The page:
Updated 6:55 p.m. ET
A controversial proposal to restrict how the National Security Agency collects telephone records failed to advance by a narrow margin Wednesday, a victory for the Obama administration, which has spent weeks defending the program since media leaks sparked international outrage about the agency’s reach.
Lawmakers voted 217 to 205 to defeat the proposal by an unlikely political pairing: Rep. Justin Amash (R-Mich.), a 33-year-old libertarian who often bucks GOP leadership and Rep. John Conyers (D-Mich.), an 84-year old liberal stalwart and the chamber’s second longest-serving member. Usually divergent in their political views, they joined forces in recent weeks in response to revelations about the NSA’s ability to collect telephone and Internet records that were leaked by Edward Snowden, a former NSA contractor who is seeking asylum in Russia.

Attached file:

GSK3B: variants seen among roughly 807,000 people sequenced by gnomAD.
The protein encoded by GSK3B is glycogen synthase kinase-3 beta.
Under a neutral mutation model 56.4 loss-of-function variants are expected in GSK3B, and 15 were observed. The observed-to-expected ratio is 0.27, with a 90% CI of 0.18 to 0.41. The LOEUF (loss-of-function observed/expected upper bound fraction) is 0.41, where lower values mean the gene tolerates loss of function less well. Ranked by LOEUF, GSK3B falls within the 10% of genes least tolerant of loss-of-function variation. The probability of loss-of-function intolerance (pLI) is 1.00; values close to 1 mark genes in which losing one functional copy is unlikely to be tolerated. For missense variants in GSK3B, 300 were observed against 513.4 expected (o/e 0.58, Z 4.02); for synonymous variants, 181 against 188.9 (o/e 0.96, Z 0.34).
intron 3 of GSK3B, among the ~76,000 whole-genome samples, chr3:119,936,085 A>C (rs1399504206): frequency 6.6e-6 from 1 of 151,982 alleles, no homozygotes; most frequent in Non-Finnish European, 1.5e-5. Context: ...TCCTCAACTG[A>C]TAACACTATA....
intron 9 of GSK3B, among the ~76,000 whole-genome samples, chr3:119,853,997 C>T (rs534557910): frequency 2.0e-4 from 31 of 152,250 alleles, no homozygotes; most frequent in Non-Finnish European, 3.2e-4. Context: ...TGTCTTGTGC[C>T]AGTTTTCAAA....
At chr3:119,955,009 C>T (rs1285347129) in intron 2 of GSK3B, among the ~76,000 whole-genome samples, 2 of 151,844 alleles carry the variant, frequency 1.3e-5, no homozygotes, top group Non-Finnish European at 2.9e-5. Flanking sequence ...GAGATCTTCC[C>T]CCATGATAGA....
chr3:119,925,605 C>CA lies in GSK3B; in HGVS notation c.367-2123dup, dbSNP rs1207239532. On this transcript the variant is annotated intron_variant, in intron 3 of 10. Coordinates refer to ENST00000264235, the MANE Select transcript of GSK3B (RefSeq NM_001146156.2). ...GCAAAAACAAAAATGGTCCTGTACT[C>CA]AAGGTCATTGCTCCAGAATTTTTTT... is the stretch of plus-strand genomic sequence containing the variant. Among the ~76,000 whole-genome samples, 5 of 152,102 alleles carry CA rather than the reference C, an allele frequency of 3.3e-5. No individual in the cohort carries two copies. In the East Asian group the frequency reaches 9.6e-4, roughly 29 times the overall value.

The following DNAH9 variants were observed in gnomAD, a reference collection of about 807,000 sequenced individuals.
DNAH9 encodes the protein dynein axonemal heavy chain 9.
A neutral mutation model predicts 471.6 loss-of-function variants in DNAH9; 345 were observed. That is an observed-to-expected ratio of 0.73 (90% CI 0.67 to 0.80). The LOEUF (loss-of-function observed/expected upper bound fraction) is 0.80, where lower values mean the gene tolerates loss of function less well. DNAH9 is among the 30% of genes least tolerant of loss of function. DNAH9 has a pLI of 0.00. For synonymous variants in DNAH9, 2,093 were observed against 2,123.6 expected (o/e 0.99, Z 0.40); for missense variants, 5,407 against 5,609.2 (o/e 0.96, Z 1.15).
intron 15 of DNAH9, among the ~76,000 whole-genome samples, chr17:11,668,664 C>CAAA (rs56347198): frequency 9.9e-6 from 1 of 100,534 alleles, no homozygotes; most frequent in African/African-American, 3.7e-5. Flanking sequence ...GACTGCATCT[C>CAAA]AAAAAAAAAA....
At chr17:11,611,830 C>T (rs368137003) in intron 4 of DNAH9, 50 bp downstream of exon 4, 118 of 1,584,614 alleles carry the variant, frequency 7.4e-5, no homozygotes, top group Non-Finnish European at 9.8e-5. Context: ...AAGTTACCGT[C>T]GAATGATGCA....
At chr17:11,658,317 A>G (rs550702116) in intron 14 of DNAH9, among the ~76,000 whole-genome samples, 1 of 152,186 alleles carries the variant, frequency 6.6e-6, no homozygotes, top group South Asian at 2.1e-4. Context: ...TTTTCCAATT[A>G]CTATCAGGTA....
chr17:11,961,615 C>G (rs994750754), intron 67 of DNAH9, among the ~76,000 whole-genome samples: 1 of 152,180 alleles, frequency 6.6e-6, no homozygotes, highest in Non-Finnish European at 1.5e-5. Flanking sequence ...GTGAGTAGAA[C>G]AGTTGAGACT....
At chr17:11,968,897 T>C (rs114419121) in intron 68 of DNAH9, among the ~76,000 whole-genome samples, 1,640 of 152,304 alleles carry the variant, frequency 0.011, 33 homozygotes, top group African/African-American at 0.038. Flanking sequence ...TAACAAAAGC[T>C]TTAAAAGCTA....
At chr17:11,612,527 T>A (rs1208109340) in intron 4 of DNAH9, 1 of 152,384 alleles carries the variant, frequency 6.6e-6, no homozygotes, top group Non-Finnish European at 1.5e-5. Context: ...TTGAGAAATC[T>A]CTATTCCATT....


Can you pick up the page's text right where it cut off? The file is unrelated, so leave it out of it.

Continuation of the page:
Speaker John A. Boehner (R-Ohio), who as head of the House rarely votes on legislation, voted against the amendment.
The plan would restrict how the NSA can collect bulk phone records and metadata under the Patriot Act. Agency officials would be able to continue collecting telephone records, but only for people connected to relevant ongoing investigations.
The proposal also would require that secret Foreign Intelligence Surveillance Act (FISA) court opinions be made available to lawmakers and that the court publish summaries of each opinion for public review.